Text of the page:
What To Expect From Mexico vs. Brazil

What to expect from Mexico vs. Brazil

Photo Courtesy of the Official Seleccion Nacional de Mexico Facebook Page

After a very positive and impressive display in their 2014 World Cup opener against Cameroon which saw Mexico win 1-0, they will entering their second group stage game feeling good about their play and effort to date. Given that Mexico will be taking on tournament host and a tournament favorite in Brazil, having won the opener can only serve as a positive when game planning the game Tuesday in Fortaleza. With this in mind, what can we expect from Mexico on Tuesday afternoon?

For starters, expect to see the same starting eleven which stepped onto the field against Cameroon on Friday and with good reason as that starting lineup played well. In Spanish, there is a saying related to soccer which says equipo que gana no se toca. This loosely translates into a winning team is best left untouched and in particular one that looked as good as Mexico did against Cameroon. So if not the starting lineup, what can and Mexico might do differently against Brazil when compared to what they did against Cameroon?

The answer to this question will most likely lie in what Mexico coach Miguel Herrera decides to do tactically. While some might think that because Herrera will employ his preferred 5-3-2 formation that this means Mexico will look to be the aggressor again versus Brazil. Given that Mexico are playing Brazil, a team with a few more players who can hurt Mexico in attack, the same idea of pressing like they did against Cameroon is an unlikely strategy. Instead, we should probably expect to see a Mexico team who strategy wise focuses on making sure that the wing backs are not as “aggressive”.

As evidenced in the game against Cameroon, Mexico’s wing backs, Miguel Layun on the left and Paul Aguilar on the right were able to make numerous runs down their respective flanks without worrying too much about leaving the three central defenders exposed on potential counters. Needless to say against Brazil on Tuesday afternoon, they both will not be able to make such runs on a regular basis. So then, how does Mexico make sure to maintain the effectiveness that a wing back an give in attack while taking the necessary precautions against Brazil’s attack on defense?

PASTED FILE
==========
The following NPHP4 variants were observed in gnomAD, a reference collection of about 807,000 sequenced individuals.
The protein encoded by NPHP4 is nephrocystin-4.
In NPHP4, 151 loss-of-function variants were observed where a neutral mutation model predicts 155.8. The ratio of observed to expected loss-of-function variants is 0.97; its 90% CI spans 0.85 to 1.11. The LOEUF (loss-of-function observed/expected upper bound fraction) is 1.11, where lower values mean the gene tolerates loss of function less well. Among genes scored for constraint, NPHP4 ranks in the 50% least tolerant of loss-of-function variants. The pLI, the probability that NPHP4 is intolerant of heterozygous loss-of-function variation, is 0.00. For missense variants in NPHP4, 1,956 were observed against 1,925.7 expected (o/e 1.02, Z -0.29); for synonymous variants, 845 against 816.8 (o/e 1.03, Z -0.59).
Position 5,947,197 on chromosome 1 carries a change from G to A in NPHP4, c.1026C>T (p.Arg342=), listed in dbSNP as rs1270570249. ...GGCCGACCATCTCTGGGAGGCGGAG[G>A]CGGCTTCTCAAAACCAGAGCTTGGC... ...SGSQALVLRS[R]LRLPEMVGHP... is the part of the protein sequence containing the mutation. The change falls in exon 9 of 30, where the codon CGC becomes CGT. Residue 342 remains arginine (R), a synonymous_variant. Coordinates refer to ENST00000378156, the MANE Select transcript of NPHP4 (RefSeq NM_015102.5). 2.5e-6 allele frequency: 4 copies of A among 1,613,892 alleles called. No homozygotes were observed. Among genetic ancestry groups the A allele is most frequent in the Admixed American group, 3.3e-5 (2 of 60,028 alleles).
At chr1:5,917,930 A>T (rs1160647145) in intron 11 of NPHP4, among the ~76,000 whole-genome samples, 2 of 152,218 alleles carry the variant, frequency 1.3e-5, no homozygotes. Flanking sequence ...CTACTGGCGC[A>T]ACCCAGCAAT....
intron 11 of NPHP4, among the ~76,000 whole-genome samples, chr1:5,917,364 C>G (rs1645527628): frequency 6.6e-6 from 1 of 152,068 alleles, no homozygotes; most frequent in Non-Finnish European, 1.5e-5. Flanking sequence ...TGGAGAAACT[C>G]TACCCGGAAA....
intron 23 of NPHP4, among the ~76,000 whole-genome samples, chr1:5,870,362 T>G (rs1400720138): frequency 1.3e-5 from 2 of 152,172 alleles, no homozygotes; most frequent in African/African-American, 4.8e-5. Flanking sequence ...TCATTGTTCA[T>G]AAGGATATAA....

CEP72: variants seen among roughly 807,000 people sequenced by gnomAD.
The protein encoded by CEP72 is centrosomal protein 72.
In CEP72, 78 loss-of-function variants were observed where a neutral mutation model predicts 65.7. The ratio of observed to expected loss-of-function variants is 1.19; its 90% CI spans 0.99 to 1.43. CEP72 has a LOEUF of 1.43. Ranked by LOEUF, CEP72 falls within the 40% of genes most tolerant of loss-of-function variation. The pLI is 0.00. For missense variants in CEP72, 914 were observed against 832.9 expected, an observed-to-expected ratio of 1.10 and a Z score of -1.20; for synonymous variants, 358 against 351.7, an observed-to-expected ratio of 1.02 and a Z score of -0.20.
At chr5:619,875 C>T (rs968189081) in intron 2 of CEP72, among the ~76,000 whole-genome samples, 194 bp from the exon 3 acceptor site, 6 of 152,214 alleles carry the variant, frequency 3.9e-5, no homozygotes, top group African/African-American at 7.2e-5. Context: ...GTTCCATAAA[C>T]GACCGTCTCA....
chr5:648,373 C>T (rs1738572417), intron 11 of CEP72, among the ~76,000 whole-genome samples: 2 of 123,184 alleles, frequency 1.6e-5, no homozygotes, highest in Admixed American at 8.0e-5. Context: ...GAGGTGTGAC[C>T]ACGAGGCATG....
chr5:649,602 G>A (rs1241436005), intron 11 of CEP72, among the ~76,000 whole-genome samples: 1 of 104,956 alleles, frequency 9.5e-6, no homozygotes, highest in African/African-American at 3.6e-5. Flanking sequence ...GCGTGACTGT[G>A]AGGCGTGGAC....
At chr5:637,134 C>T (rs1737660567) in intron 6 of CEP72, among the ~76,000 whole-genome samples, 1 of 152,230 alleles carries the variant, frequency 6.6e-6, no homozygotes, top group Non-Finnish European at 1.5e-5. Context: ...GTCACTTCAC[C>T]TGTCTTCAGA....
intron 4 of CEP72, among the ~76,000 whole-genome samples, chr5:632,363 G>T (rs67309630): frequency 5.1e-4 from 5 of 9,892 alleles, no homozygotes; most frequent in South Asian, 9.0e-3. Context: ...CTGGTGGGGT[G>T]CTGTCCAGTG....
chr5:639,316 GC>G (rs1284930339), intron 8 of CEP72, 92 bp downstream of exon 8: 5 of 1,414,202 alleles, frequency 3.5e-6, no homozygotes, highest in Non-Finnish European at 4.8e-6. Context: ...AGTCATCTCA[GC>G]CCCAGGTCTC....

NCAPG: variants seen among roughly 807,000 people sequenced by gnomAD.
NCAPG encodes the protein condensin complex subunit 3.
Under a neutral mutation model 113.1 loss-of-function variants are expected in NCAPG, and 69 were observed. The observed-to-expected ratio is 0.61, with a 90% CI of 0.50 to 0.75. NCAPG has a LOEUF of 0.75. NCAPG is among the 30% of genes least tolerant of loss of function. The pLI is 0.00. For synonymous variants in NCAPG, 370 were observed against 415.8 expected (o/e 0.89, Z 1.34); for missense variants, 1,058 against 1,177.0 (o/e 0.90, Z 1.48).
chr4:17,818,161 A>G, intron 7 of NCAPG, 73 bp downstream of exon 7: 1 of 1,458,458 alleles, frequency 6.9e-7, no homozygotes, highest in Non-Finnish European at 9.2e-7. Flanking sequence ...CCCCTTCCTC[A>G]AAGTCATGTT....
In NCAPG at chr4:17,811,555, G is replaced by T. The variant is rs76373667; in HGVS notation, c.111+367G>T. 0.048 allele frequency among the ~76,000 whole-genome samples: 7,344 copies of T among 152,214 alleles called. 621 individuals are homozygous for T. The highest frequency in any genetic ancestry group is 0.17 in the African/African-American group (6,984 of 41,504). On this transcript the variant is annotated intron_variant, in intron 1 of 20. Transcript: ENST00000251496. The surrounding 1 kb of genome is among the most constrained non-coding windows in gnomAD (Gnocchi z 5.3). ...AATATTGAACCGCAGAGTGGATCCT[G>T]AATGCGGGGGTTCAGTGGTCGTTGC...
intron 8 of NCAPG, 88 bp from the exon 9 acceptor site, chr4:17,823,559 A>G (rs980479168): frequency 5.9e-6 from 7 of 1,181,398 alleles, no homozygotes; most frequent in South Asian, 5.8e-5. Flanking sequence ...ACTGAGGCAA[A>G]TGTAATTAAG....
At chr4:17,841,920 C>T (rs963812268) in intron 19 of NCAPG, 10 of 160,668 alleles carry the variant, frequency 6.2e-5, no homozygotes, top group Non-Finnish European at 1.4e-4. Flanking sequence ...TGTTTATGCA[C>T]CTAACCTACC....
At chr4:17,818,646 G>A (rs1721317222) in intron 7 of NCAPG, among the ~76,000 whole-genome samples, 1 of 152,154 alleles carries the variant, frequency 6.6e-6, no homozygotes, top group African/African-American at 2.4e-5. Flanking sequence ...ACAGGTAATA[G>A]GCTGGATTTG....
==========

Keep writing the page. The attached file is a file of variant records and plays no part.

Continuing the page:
Without Miguel Herrera telling anyone how he will structure his teams gameplan, one can assume that Mexico will be defending with less space between the three central defenders and the two wing backs. Clearly ensuring that there is proper cover to mark Neymar and Oscar is in order for Mexico. But if Mexico defend a little bit more tightly than usual with the wing backs, does this is mean Mexico will lose that edge they displayed in attack against Cameroon?

Chances are that this means one of the wing backs will more than likely stay back while the other one jumps into and supports any attacking adventures when Mexico attack the Brazil goal. In all likelihood, Miguel Layun is the wing back most apt to stay back given he is better at reading and recognizing when to stay back. Clearly such a potential tactical change is meant to neutralize the best aspects of Brazil’s attack. Yet it should not be misconstrued as Mexico renouncing any potential attacking threats because as Croatia demonstrated, the Brazilian defense can be tested stretched if done so with numbers and exploiting space that Marcelo and or Dani Alves are apt to leave exposed.

Lucas Carreras is a contributing Mexican National Team and Liga MX writer for Stoppage Time Soccer. You can follow Lucas on Twitter by following him @maldini3fan.



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